Professional Nanny Certifications give the individual the proper credentials in order to perform the work they are trained for. Small community colleges as well as some larger universities offer courses in Certified Professional Governess (CPG) or Certified Professional Nanny (CPN). Curriculum includes child psychology, welfare and safety, infant CPR, nutritional studies, and more. These are intensive courses, but often very rewarding knowledge for the nanny.
Special needs children often require provider skills that go far and beyond that of standard childcare.
With the extreme rise in the cases of autism, for example, made the nanny and childcare profession take a new look at how they train their nanny’s. Some associations offer seminars and groups that meet in conferences to discuss new therapies, new techniques, and new ideas.
Some of these accredited programs include advanced behavioral techniques, nutritional information, verbal comprehension, just to name a few. Nanny’s in the profession for many years often attend the seminars or enroll in courses to enhance their skills. Teachers and parents can also take part in conferences on advanced studies to improve the lives of the children and the families.
Nanny’s who have a verifiable medical work history make perfect candidates for families looking for care. Retired nurses often turn to the nanny profession where their medical history can be a great source of help. Special needs children are often medically vulnerable, often requiring round the clock care for medical purposes. In some cases, children who require specific protocols such as gastric feedings and medication, the need is often present for a medically-trained caregiver.
Other duties such as bathing, transportation to physician or therapy appointments can be stressful on a nanny without special needs training. Often times, the schedule is more detailed that than of a standard family. Flexibility, time organization, and empathy is an essential characteristic in a nanny, especially those working with special needs children.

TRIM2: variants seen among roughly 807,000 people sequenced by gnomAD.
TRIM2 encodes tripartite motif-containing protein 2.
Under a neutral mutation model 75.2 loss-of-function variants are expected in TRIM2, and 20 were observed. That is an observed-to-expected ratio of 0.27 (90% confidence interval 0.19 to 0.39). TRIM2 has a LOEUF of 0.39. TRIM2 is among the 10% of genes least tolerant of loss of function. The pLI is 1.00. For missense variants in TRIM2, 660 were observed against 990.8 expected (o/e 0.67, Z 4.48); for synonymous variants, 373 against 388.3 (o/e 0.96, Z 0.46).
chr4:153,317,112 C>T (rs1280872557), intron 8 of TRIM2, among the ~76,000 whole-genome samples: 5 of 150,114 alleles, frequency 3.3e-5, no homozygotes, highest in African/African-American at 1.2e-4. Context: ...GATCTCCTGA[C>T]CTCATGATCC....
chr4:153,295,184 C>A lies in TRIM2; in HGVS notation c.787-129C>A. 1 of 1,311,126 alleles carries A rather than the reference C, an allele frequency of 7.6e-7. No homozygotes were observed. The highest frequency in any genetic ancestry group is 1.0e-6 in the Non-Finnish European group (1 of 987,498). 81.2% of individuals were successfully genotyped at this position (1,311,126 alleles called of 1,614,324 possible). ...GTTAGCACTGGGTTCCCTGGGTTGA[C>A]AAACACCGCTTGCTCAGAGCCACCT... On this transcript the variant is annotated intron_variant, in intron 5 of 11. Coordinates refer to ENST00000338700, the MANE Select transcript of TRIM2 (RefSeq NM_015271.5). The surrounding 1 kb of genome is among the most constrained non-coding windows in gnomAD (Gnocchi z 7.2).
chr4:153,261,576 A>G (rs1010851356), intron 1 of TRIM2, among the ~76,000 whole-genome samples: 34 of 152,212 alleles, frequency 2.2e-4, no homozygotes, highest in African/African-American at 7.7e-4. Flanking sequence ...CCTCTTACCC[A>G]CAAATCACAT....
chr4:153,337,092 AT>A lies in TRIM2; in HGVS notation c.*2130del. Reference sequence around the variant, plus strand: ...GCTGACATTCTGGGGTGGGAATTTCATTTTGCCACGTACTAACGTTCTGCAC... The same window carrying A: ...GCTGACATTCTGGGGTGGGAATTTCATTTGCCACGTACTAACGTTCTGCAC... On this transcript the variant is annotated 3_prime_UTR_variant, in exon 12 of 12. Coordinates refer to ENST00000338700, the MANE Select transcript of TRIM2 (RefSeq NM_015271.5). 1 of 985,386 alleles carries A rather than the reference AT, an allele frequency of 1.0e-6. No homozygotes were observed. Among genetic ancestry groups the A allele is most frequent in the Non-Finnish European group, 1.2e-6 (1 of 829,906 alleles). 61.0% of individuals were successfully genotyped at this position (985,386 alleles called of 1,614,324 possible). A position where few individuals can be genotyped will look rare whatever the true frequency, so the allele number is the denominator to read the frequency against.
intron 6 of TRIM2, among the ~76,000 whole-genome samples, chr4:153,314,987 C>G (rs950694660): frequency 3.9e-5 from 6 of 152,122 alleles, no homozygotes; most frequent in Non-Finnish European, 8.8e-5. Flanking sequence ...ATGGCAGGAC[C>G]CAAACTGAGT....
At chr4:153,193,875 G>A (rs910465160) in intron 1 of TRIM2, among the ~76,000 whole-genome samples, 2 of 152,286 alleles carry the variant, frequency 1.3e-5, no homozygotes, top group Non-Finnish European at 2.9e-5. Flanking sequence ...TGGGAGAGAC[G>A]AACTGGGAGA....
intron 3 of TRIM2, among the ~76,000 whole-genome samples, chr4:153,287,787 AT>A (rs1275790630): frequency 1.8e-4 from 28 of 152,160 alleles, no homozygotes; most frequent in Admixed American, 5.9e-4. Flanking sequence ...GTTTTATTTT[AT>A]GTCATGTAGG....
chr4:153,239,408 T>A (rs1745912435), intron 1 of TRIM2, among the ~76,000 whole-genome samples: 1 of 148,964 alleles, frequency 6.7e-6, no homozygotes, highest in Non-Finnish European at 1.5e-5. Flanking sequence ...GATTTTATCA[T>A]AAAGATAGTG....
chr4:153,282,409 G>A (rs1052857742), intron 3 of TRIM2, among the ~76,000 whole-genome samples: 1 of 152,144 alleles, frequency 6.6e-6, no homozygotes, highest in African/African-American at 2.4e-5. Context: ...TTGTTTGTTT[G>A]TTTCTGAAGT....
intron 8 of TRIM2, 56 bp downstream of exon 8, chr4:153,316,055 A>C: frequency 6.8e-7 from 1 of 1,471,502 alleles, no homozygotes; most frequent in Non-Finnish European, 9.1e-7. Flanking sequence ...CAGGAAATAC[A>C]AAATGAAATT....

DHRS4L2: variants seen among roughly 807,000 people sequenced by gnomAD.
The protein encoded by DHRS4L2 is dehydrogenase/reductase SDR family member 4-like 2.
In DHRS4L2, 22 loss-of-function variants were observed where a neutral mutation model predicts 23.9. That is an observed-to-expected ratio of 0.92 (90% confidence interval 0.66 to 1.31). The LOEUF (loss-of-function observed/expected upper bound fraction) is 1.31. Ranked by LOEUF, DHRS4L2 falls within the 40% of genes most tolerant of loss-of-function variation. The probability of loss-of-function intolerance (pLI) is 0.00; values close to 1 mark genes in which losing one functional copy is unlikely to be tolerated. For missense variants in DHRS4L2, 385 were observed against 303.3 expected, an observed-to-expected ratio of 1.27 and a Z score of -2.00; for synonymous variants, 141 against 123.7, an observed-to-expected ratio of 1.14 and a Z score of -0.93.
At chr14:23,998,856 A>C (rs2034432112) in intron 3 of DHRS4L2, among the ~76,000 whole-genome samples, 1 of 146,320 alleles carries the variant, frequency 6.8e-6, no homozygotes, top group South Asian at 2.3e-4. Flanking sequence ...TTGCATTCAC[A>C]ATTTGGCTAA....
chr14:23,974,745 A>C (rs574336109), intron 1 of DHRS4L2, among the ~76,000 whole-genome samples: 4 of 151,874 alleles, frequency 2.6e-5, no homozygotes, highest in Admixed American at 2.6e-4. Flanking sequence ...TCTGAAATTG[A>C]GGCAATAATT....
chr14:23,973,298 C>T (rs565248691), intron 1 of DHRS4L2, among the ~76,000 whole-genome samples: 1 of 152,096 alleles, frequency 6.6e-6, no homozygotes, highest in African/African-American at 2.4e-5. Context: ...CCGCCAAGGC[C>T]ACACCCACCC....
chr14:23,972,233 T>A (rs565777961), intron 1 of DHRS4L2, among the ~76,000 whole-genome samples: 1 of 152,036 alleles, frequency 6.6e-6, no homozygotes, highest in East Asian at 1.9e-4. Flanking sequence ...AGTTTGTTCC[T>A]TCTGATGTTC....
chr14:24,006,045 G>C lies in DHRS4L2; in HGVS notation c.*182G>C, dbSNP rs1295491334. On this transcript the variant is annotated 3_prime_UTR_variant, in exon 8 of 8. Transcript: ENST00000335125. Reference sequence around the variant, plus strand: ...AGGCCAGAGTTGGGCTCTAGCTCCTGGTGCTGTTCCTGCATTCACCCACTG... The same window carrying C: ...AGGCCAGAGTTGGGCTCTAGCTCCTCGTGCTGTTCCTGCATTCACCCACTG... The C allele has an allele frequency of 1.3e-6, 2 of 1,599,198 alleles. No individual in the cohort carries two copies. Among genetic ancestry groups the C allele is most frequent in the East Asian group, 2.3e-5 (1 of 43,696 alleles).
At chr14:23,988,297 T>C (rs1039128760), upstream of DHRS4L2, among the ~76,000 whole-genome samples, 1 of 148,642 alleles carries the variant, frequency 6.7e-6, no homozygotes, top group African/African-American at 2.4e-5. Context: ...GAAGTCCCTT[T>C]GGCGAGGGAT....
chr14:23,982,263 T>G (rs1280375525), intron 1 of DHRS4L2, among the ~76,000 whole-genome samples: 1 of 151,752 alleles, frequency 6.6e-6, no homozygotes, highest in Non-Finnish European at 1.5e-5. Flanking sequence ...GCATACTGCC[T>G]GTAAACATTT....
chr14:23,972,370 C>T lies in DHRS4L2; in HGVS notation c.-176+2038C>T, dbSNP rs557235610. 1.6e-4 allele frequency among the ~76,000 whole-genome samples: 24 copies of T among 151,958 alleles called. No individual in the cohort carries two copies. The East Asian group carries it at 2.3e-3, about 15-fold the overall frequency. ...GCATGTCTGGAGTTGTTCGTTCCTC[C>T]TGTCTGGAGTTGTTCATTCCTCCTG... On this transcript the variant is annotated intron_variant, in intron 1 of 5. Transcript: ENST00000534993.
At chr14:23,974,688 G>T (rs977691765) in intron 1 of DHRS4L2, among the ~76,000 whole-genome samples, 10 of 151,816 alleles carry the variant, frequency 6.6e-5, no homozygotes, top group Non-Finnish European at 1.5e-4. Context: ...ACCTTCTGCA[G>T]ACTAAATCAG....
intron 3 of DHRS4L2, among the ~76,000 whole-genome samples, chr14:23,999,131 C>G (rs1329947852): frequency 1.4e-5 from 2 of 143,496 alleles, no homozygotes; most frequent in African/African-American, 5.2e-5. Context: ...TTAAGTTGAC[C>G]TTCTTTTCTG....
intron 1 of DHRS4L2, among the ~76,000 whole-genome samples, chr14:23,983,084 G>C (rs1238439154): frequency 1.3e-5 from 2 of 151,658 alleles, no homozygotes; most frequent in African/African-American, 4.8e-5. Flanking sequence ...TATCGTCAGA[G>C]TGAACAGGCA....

A nanny who works with special needs children must fully realize the differences in children, and apply the specific needs for each child. Being positive is a trait that every caregiver must possess, even in the most difficult of times. Being supportive of the families will make the nanny’s job much easier, because some families respond differently to a diagnosis. Some parents may be very over-protective, while some will look at situations regarding their child as unrealistic. Some may even be in denial as to the seriousness surrounding the child’s condition.
Nanny’s with special needs training are often sought after in many other fields. Schools and nurseries are often hiring nanny’s for their open positions in the classroom due to their education and experience. A nanny who has spent full time hours caring for disabled child is priceless in the classroom, because of the demonstrated care and knowledge that they possess. Additional training can also prepare the nanny for cases where specific therapies such as speech, audio, and behavioral applications may be needed.
Families should also include educational verification when checking on the background of a potential nanny. Accredited and reputable training institutions offer top-notch training to those enrolled. This provides the potential employer with a verifiable list of skills that will best match the needs of the family.